We’re not huge fans of cities but Sucre changed all that for us. Renowned for its laid back atmosphere and peaceful ambiance, Sucre drew us in. In fact, we loved Sucre so much we might even come back and settle here for a short time.
There’s loads of things to do in Sucre too and it’s all free or incredibly cheap too.
Things to do in Sucre
Soak up the atmosphere at Mercado Central
Mercado Central is the go to market for all your fresh groceries. You’ll find stretches of the market dedicated to fruit, vegetables and meat counters selling every part of an animal imaginable, often dripping from swinging butcher’s hooks.
It’s clear the competition is high and the stall holders must be living on the margins. Business is often won by those with the most attractive displays, so much of the days’ efforts are spent on rearranging, polish or sprinkling the fruit in water spry.
Raw Sucre life is on display here. This isn’t a tourist attraction and you won’t hear any English either. You’ll see a few street kids though, old people begging for scraps or a few dib dobs and dogs that seem to fare better than either.
Upstairs in the Mercado Central, you can enjoy an incredibly cheap lunch alongside Sucre’s locals. Just make sure you’re stomach is already hardened as hygiene may not be what you’re used to here.
Don’t miss the jugos stalls at the back of the market either. For less than $1, fresh fruits are juiced and served up for your refreshment. Delicious!
Learn Spanish in Sucre
Sucre is a popular place in South America for improving your Spanish. Bolivian’s speak relatively slowly, especially compared to their neighbours in Argentina and Chile.
So too, the Spanish language spoken in Bolivia is clear and unaffected by local dialects. This makes Bolivia a terrific South American country to learn and improve your Spanish.
Add to this a private 1-2-1 lesson costs around £4.50 GBP per hour and with loads of schools to choose from, there’s nothing to hold you back.
We spent 3 weeks taking Spanish lessons in Sucre and not only did we learn more than we could have hoped for, we enjoyed every minute of it too!
This is one of the most popular things to do in Sucre for many visitors, whether you’re a beginner or just want to improve your language skills.
Read more: learning Spanish in Sucre
Plaza 25 de Mayo
As with most South American towns and cities, Sucre life revolves around it’s central Plaza 25 de Mayo.
It’s a hive of activity with juice sellers, shoe shiners and snack vendors, local families, pigeons and tourists all enjoying the plaza’s shade and water features.
Despite its popularity, Sucre’s central plaza remains peaceful, making it the perfect spot to relax before your afternoon Spanish class and indulge in a spot of people watching.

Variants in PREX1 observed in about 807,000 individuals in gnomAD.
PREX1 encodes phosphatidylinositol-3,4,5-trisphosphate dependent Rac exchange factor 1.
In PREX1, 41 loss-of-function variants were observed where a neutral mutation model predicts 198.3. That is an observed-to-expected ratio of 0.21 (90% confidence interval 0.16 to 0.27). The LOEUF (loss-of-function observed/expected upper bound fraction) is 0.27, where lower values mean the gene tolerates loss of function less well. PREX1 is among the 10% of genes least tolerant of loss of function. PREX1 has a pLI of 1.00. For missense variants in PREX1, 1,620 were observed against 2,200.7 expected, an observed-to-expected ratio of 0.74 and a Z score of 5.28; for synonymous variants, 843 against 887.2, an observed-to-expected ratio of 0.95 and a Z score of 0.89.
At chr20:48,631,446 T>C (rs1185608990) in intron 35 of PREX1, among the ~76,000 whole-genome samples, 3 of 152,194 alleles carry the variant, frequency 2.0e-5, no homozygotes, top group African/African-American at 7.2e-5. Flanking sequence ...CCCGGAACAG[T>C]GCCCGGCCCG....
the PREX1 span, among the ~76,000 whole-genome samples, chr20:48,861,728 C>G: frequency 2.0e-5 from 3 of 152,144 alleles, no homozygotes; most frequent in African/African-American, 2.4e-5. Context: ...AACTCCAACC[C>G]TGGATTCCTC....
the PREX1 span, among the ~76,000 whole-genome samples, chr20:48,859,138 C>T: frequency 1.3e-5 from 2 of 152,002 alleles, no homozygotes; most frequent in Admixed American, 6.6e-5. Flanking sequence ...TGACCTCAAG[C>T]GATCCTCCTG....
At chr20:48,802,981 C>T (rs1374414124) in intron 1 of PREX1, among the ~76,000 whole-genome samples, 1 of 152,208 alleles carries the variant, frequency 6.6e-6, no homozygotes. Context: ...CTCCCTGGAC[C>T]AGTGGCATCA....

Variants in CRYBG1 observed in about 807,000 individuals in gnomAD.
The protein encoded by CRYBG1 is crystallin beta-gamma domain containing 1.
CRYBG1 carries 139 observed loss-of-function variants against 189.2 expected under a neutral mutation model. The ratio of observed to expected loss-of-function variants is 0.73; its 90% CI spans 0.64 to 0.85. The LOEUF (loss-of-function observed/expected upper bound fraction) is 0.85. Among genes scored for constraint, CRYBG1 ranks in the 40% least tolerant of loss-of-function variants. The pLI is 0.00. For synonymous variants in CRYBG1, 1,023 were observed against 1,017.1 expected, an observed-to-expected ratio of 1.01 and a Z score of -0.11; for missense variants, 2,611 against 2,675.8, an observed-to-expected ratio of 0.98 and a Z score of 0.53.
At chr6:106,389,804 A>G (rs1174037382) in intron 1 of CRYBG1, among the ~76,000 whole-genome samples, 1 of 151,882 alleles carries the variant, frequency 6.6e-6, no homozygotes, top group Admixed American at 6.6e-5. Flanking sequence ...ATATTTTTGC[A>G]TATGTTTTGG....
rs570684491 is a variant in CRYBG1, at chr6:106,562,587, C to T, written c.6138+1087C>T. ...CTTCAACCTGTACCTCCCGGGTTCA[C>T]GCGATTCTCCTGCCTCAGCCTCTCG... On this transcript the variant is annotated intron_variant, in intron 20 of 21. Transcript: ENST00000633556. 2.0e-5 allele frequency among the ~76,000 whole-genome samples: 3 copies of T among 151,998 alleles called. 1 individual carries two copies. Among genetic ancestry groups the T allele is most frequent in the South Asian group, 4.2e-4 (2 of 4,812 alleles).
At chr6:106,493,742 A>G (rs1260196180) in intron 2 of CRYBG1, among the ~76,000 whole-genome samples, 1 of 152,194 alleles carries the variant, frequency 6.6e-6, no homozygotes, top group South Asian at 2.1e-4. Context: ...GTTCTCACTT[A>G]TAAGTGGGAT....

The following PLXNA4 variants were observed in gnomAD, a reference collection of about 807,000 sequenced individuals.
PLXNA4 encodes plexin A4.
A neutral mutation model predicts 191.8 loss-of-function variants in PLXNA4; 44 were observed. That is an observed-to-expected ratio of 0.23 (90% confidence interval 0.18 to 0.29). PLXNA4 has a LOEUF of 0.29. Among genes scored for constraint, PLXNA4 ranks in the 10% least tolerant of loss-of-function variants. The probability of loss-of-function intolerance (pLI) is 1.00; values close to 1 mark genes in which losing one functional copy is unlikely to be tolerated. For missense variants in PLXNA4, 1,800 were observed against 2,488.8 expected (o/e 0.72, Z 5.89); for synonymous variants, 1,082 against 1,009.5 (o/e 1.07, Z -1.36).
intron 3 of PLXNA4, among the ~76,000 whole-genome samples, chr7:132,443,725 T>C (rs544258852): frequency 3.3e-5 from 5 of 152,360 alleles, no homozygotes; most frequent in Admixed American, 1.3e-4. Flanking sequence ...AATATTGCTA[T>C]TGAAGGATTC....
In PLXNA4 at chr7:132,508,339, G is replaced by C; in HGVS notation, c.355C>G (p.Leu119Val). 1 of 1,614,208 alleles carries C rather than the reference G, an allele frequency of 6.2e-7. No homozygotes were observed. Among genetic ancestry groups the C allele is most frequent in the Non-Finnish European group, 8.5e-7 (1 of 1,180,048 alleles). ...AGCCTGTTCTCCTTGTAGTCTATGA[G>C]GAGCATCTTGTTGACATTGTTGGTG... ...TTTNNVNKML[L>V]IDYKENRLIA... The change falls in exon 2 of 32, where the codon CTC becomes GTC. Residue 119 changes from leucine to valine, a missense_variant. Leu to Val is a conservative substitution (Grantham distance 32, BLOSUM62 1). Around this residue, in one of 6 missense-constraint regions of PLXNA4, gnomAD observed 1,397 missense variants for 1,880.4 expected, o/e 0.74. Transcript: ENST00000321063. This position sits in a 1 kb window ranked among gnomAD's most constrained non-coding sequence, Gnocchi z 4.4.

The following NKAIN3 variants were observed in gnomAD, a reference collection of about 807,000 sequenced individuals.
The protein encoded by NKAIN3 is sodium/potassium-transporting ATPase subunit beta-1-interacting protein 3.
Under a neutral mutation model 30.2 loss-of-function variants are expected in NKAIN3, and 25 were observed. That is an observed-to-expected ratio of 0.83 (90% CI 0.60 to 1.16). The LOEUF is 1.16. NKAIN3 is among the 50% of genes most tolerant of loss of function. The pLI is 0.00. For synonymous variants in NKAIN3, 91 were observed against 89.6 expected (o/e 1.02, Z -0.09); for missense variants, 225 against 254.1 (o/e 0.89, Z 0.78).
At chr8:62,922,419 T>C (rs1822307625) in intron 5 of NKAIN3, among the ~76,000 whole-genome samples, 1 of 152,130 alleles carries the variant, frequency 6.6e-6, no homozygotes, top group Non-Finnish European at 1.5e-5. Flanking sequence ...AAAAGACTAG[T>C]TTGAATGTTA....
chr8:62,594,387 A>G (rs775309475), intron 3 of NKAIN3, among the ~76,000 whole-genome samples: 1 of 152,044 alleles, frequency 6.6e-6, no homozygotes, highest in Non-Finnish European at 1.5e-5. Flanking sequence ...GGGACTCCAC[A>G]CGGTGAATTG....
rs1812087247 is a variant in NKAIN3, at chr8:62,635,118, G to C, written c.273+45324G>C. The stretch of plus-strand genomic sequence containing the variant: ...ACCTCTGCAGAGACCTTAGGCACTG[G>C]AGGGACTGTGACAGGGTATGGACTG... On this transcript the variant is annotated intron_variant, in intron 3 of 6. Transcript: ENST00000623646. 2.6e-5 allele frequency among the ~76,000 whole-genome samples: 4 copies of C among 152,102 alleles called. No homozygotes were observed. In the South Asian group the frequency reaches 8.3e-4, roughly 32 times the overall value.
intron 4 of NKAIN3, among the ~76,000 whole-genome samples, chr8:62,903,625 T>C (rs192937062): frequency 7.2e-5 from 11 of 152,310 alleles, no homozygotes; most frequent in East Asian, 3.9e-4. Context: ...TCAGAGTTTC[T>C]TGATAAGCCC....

Relax in the shade of Sucre’s General Cemetery
It may not sound like a top, must do activity on a visit to Sucre but believe us, an afternoon at Sucre’s General Cemetery is wonderful.
The grounds offer some welcome shade and coolness from the relentless sunshine and the hustle and bustle of city life fades away at the gates.
The general cemetery is vast and has countless graves stacked high and hidden behind glass shrines filled with photos, flowers and objects left by the deceased’s family & friends.
There’s a strange sense of calm and peace here and if you’re so inclined, you can hire one of the dozens of children who are paid to tend the graves as a tour guide, to show you around and point out one of the few graves of the rich and famous.
These kids are even paid to pray for the souls of the dearly departed. Although somehow delegating prayer seems somewhat of a strange concept to us.
Despite being so large, Sucre’s General Cemetery is at capacity and plots are in high demand. So much so that a plot is only leased for upto 7 years.
After that, the family must claim the remains and move them somewhere else. If the remains aren’t claimed, the cemetery arranges the removal to a mass grave somewhere else. This is quite contentious, as you can imagine.
Sundowners at La Recoleta
For the best panoramic views over the city, climb the steep streets upto La Recoleta and enjoy your sundowners at the cafe there. The square here is clean and there’s a few touristy stalls selling souvenirs, if you’re so inclined!
Walk in footsteps of dinosaurs, literally
68 million years ago Sucre was on the shore of a huge ocean inlet where dinosaurs hung out.
They quite enjoyed a paddle and dipping their toes in the water, leaving their huge footprints behind in the clay. Since then, layers of sediment fell, compacted and protected those footprints.
Shifting tectonic plates created the spectacular Andes, thrusting Sucre up to almost 3000 metres above sea level. That once flat, clay shore is now at a 70 degree angle, thousands of kilometres from any ocean.
After years of quarrying by a local concrete firm, the sandstone layers protecting the footprints became exposed.